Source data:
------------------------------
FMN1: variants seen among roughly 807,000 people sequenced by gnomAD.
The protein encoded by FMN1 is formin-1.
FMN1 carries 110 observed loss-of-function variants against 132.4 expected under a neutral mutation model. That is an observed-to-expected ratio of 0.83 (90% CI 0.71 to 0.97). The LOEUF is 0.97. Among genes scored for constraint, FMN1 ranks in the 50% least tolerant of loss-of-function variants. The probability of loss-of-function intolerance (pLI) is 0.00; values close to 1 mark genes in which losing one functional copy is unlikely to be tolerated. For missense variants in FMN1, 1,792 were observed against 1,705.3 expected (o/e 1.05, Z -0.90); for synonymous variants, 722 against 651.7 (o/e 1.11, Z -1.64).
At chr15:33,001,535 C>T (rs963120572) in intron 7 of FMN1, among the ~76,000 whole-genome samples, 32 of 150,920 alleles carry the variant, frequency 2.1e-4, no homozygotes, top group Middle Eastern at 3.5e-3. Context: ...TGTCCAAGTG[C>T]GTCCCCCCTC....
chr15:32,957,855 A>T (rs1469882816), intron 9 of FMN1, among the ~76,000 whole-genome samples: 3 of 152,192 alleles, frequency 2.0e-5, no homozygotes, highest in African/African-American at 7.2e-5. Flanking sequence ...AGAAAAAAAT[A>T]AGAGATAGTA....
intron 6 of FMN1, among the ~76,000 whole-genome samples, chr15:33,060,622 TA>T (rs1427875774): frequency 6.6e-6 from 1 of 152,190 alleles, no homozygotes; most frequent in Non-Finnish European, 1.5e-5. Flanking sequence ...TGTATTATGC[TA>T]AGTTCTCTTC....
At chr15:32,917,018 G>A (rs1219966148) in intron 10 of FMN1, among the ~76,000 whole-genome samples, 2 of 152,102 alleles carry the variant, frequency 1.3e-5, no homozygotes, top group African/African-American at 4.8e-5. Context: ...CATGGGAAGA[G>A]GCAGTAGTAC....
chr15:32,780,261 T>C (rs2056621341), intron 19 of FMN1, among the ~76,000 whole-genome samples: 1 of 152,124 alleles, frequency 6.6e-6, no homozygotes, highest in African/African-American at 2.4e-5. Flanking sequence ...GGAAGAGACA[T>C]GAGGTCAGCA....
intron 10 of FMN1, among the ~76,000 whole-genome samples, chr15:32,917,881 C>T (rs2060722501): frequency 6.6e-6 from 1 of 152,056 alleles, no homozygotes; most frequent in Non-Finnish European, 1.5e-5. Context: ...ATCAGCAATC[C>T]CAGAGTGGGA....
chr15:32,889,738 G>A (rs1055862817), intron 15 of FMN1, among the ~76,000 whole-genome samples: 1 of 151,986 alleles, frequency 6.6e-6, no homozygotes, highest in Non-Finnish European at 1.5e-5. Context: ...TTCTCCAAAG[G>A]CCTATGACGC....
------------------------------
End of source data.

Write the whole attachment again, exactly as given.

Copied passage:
FMN1: variants seen among roughly 807,000 people sequenced by gnomAD.
The protein encoded by FMN1 is formin-1.
FMN1 carries 110 observed loss-of-function variants against 132.4 expected under a neutral mutation model. That is an observed-to-expected ratio of 0.83 (90% CI 0.71 to 0.97). The LOEUF is 0.97. Among genes scored for constraint, FMN1 ranks in the 50% least tolerant of loss-of-function variants. The probability of loss-of-function intolerance (pLI) is 0.00; values close to 1 mark genes in which losing one functional copy is unlikely to be tolerated. For missense variants in FMN1, 1,792 were observed against 1,705.3 expected (o/e 1.05, Z -0.90); for synonymous variants, 722 against 651.7 (o/e 1.11, Z -1.64).
At chr15:33,001,535 C>T (rs963120572) in intron 7 of FMN1, among the ~76,000 whole-genome samples, 32 of 150,920 alleles carry the variant, frequency 2.1e-4, no homozygotes, top group Middle Eastern at 3.5e-3. Context: ...TGTCCAAGTG[C>T]GTCCCCCCTC....
chr15:32,957,855 A>T (rs1469882816), intron 9 of FMN1, among the ~76,000 whole-genome samples: 3 of 152,192 alleles, frequency 2.0e-5, no homozygotes, highest in African/African-American at 7.2e-5. Flanking sequence ...AGAAAAAAAT[A>T]AGAGATAGTA....
intron 6 of FMN1, among the ~76,000 whole-genome samples, chr15:33,060,622 TA>T (rs1427875774): frequency 6.6e-6 from 1 of 152,190 alleles, no homozygotes; most frequent in Non-Finnish European, 1.5e-5. Flanking sequence ...TGTATTATGC[TA>T]AGTTCTCTTC....
At chr15:32,917,018 G>A (rs1219966148) in intron 10 of FMN1, among the ~76,000 whole-genome samples, 2 of 152,102 alleles carry the variant, frequency 1.3e-5, no homozygotes, top group African/African-American at 4.8e-5. Context: ...CATGGGAAGA[G>A]GCAGTAGTAC....
chr15:32,780,261 T>C (rs2056621341), intron 19 of FMN1, among the ~76,000 whole-genome samples: 1 of 152,124 alleles, frequency 6.6e-6, no homozygotes, highest in African/African-American at 2.4e-5. Flanking sequence ...GGAAGAGACA[T>C]GAGGTCAGCA....
intron 10 of FMN1, among the ~76,000 whole-genome samples, chr15:32,917,881 C>T (rs2060722501): frequency 6.6e-6 from 1 of 152,056 alleles, no homozygotes; most frequent in Non-Finnish European, 1.5e-5. Context: ...ATCAGCAATC[C>T]CAGAGTGGGA....
chr15:32,889,738 G>A (rs1055862817), intron 15 of FMN1, among the ~76,000 whole-genome samples: 1 of 151,986 alleles, frequency 6.6e-6, no homozygotes, highest in Non-Finnish European at 1.5e-5. Context: ...TTCTCCAAAG[G>A]CCTATGACGC....